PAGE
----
I do not think so. I think the biggest problem is weight: in order for a lock to be secure, it has to be heavy. Cyclists don't like to transport heavy things. However, should be less of a problem in Denmark, where people ride generally heavy and often loaded bikes, and adding a few more pounds hardly makes a difference. And unfortunately even the most expensive locks do not eliminate the problem of vandalism or component theft.

    I also think that increasing lock security is not the way to go if you want to solve bike theft problem. The way to do it is to start treating like a real crime. I don't know how the situation is in Denmark, but I suspect it is somewhat similar to Toronto. If you steal a bike here, the police won't even bother looking for you at all, and thus will never catch you. And even if you, by some miracle, do get caught, you'll probably end up with a slap on a wrist: maybe a fine or something, certainly no jail time. (There was one famous exception to this: a well-known Toronto bike thief finally nabbed and awaiting trial. It's great that the police actually did something about him, but he was truly infamous, had thousands and thousands of bikes in warehouses across town. And his trial isn't over yet; he may very well be dealt a slap on a wrist too, if not entirely acquitted.)

    There should be a combination of:

    - stiffer penalties for theft (perhaps even specifically bicycle theft)
    - proactive enforcment of the law that makes bike theft a high-risk activity
    - good locks and good locking places

    Optional and affordable insurance against theft would be good, but I don't know how workable that idea is. An interesting idea is some kind of a satellite tracking device, but it would have to have minimum power consumption (so that a set of batteries can last a long time, like for a digital watch) and be accessible (so that batteries can be switched or other maintenance be performed). And then thieves will learn how to access it and disable it.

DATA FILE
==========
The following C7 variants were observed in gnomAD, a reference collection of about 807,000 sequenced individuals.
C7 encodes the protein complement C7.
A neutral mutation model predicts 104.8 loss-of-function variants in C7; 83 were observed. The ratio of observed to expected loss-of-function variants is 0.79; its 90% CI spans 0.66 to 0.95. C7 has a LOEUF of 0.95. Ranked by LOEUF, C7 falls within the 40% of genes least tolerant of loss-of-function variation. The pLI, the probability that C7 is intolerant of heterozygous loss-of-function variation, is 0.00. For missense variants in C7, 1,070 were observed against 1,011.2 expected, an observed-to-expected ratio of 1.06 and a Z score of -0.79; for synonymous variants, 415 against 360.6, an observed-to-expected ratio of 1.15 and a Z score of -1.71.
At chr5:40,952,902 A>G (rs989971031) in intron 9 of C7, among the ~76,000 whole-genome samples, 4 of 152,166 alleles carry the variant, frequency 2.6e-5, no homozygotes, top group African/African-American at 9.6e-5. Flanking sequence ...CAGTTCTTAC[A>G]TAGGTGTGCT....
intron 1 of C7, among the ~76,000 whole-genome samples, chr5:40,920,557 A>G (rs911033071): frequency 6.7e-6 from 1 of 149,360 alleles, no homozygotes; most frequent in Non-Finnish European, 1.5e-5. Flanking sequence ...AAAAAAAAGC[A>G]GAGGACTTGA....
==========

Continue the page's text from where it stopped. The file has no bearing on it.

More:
Stomping as lightly as I can...

  5. #5
    Long Distance Cyclist Machka's Avatar
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    Have you been to Strasbourg to see what they've got for bicycles, and to find out how well they work?

    http://www.machka.net/pbp2007/2007_Post-PBP_3.htm

  6. #6
    Senior Member Kimmitt's Avatar
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    I would very happily pay for a bicycle version of Lojack if I had a good bike.
    I see unexamined people. All the time. I don't think they know they're unexamined.

  7. #7
    Senior Member Garfield Cat's Avatar
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    It goes back to the "user" and not to the locking device. Behavior modification may very well be your user innovation here.

  8. #8
    XR2
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    For a start don't prosecute me when I deal out some punishment to a bike thief.I have a right to redress through the system.Take away my right and you get what you get.

    I owe-therefore I am.

  9. #9
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    I use a mini U-lock with Pitlocks. My wheels, seat, and fork can't be removed from the frame without the proper key or power tools, and I can easily lock the frame to pretty much anything. The mini-U is smaller and lighter than many U-locks, and harder to lever open (as it is small), particularly if you make sure to put it through multiple tubes, or a wheel and a tube, or whatever.

    IMO this combines good security with extreme ease. of course, if you come up against power tools, you're done for anyway.